Landing in Yangon
After getting back to Beijing there was only 10 days before we left for Myanmar and we’d barely unpacked our Christmas bags and put away the Christmas tree before we were packing our bags for Myanmar. Our flight left Beijing at 8:05 am which seems like an agreeable early hour when your booking your trip in the abstract but when your showering at 4:15 am and trying to get the kids up and ready its way too early.Â We left our apartment at 5 am, freezing in our thin sweatshirts since we knew that Myanmar would be much hotter than Beijing.Â We were flying as direct as you can get from Beijing to Yangon, a flight through Kunming.Â Its the same flight and the itinerary doesn’t even list the arrival and departure times in Kunming; however after we airborne they informed us that we had to deplane, take everything off while they cleaned the plane and then we rebounded.Â Same seats and everything.Â What a pain.
We load up and off load and gather by the gate where an airline attendant tells us that Yangon should wait a minute.Â Miles had to pee and we ran off to the bathroom.Â Suddenly the group is off following the attendant through the crowded entry way.Â Stac, Sofi and the Sheppards were laggardly following and we joined them heading in the general direction of the group except we’ve lost them in the crowds of travelers. Suddenly I spot the light blue shirt of the annoying dude who sat in front of us and shushed us because we were talking too loud.Â They were turning the corner and heading up an escalator.Â We start up about 10 feet behind them and when we arrive at the top we’ve lost them again.Â Afar off in a another room we spot blue shirt man again and gather near immigration where they hand out another set of boarding passes.Â Then we have to go through immigration and fill out departure cards because technically the flight to Kunming is domestic (though it left from the international terminal) and fill out an departure card. Â After getting through immigration we go through security again and go back to the gate area where we wait for our flight to re-board.Â The take off was delayed for some reason even though our plane was sitting on the tarmac, since we’d just landed on it.Â Finally we board a transfer bus and walked on the tarmac to plane. Â A short 90 minute flight and we are in Myanmar.
When we landed in Yangon and queued in the immigration line for foreigners, there were three other lines, one for Myanmar, one for diplomats and one for seamen(?!).Â We saw Sanda ThanÂ waiting for us outside the glass with a sign Mr. Mark Griffith 7 pax.Â Through customs we got our bags and loaded into the van with our driver Tun Tun Oo and Sanda.Â A 30 minute ride to the Kandagwyati Palace where the girls and kids got a bite to eat after a long day of travel.Â I changed into something cooler and waited in the restaurant itching to get out before the sunset. I tried to be patient, but as a photographer I get obsessed about the time of day when the light is nice, in the end it turned out to not really matter.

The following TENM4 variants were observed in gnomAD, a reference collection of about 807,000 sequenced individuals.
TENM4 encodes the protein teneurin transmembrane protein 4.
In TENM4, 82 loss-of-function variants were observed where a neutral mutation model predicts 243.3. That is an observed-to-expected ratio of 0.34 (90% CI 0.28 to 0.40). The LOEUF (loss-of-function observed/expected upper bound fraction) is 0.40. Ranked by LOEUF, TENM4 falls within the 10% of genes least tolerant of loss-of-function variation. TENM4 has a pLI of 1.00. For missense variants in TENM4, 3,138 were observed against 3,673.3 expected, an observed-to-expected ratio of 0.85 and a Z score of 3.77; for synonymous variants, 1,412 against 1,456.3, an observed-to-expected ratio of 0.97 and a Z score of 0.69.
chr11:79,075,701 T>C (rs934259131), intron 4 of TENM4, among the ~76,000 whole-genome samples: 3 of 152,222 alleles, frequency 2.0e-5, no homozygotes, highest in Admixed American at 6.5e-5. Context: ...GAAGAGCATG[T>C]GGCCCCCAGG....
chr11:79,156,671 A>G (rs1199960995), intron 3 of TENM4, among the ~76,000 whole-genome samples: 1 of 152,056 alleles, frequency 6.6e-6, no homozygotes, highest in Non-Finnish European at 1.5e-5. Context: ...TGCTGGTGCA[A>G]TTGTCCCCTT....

Shwe means gold and Dagon is the old name of the city (meaning hills) before it was renamed to Yangon which means peace.Â The pagoda is the holiest site in Myanmar and one of the top holy sites in Buddhism; it houses relics from all four Buddha’s and most importantly eight hairs of Siddhartha after he achieved enlightenment and became The Buddha. The main feature is a zedi or stupa, which stands 360 feet tall in the center of a raised temple complex. The entire stupa is plated in solid gold, not just gold leaf. The top is encrusted in jewels with over 5000 diamonds and 1500 rubies. On the very top is a 76 carat diamond which is nearly twice the size of the Hope Diamond. The pagoda glows a bright golden color in the sun and even at night when its lit from all sides by electric lights.
We arrived at the elevator entrance, took of our shoes (a strict requirement at all temples and pagodas) paid our $5 entrance fee and took the elevators up to the Pagoda’s main level.Â Surrounding the main pagoda, aren innumerable set of temples, smaller stupa and shrines. As you exit the elevators you walk through a covered walkway past a large banyan tree that grows from cuttings of the original tree where Siddhartha achieved enlightment and around buildings until the main stupa comes into view. Here I just stopped, in dumbstruck awe. The size, the color and the majesty of this ancient building were overwhelming. The evening was warm and crowds walked clockwise around the shrine; many stopping to pray. Monks lit candles and incense.Â Devotees offer flowers and prayer flags and poured water over statutes with a prayers. You could feel the palpable sense of reverence and you immediately could tell of how deep the religious sense of Buddhism runs in Myanmar.Â A monk spent 40 minutes or so walking us around the pagoda, telling us about the shrine.Â One of the the cool things he did was take us to several points on the grounds where if you stood and stared at the very top of the shrine you could see different colors of light glinting through the prism of the diamonds on top; red, green, yellow, orange and even blue.
Later that evening we returnedÂ to our hotel where we met Sanda again to change money.Â Usually this is done at the airportÂ but she agreed to give us the same rate published at the airport and amazingly she pulled bundle after bundle of Myanmar Kyat (chat, Â an “at” sound) out of her bag.Â She didn’t have quite enough to change all of Austin’s money so she agreed to come back later, I was upstairs but Austin said the table was piled hi with bills and he felt like some ganster.Â Then we met Mr. Tin Htun, paid him for the rest of our trip and picked up our vouchers for the hotel and our tickets for our domestic flights. Â Off to bed, our journey into the interior would begin tomorrow with another super early flight.
Future blogs on…
As I finish them I’ll link them here
- Inle Lake
- Ngapali Beach
- Getting Home
- As I finish them I’ll link them here